How is our motivation to succeed affected by timing and the type of work we do? Daniel Pink, best-selling author of multiple thought-provoking books such as When, Drive, To Sell is Human, and A Whole New Mind has spent decades investigating the truths and the threads between human behavior and the quality of work we create. He shares the research and case studies that answer the big questions, including how to prioritize tasks during your day for optimal results, what type of work fuels us to perform better, why an MFA could be more valuable than an MBA, and why you are morally obligated to share your gift to the world.
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Being your own boss doesn’t mean every day is full of rainbows and unicorns. But compared to having a day job? It’s so worth it.
Know what hours are your time to shine. Do the analytical work during your peak hours, the admin work during the trough, and let the creative juices flow in the recovery period.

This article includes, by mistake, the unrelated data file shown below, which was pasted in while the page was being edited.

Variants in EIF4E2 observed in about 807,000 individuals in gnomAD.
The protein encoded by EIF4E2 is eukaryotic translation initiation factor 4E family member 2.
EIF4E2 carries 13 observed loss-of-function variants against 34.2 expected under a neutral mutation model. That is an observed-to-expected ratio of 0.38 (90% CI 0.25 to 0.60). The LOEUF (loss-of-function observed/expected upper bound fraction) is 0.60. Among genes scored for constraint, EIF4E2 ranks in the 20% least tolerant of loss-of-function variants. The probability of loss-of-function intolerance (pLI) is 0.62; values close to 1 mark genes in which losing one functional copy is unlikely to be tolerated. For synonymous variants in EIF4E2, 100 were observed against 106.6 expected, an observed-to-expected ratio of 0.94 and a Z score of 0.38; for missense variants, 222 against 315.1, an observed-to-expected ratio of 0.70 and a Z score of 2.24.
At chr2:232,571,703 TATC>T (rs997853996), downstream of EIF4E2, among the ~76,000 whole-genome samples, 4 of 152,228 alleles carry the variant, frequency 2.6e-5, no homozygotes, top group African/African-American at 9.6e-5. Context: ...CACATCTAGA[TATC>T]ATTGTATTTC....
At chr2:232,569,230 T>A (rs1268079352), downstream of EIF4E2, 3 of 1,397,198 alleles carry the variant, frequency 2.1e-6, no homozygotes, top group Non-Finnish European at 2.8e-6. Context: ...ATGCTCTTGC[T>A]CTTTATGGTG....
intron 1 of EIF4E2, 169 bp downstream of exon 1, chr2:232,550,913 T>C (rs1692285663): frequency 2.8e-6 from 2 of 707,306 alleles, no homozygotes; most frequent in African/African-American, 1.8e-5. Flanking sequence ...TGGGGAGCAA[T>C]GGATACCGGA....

Don’t wait for temporal landmarks to make your move. Start planning now.
Quitting your job is not a wild leap. It’s a hard-headed strategic decision. Take calculated risks.
There’s a premium on creating something new, on having empathy, on being a problem finder instead of a problem solver.
Don’t run when you see a number. Every creative also needs a basic understanding of accounting and economics to be a business.
The best way to sell is to just be a human being.
If you have something that can benefit the world, it’s your moral obligation to put it out there.
Don’t wait for inspiration to strike. Get your butt in the chair and get to work.
MENTIONED IN THIS EPISODE:
Listen to The Pinkcast
Self-determination theory from Edward L. Deci and Richard M. Ryan
Daniel’s 3 stages of the day (for 80% of population who aren’t night owls)
Peak: morning, most vigilant – do your analytical, head’s down work
Trough: early afternoon, least vigilant – do your admin work
Recovery: late afternoon to early evening, somewhat vigilant but best mood – do the creative ideation & brainstorming work
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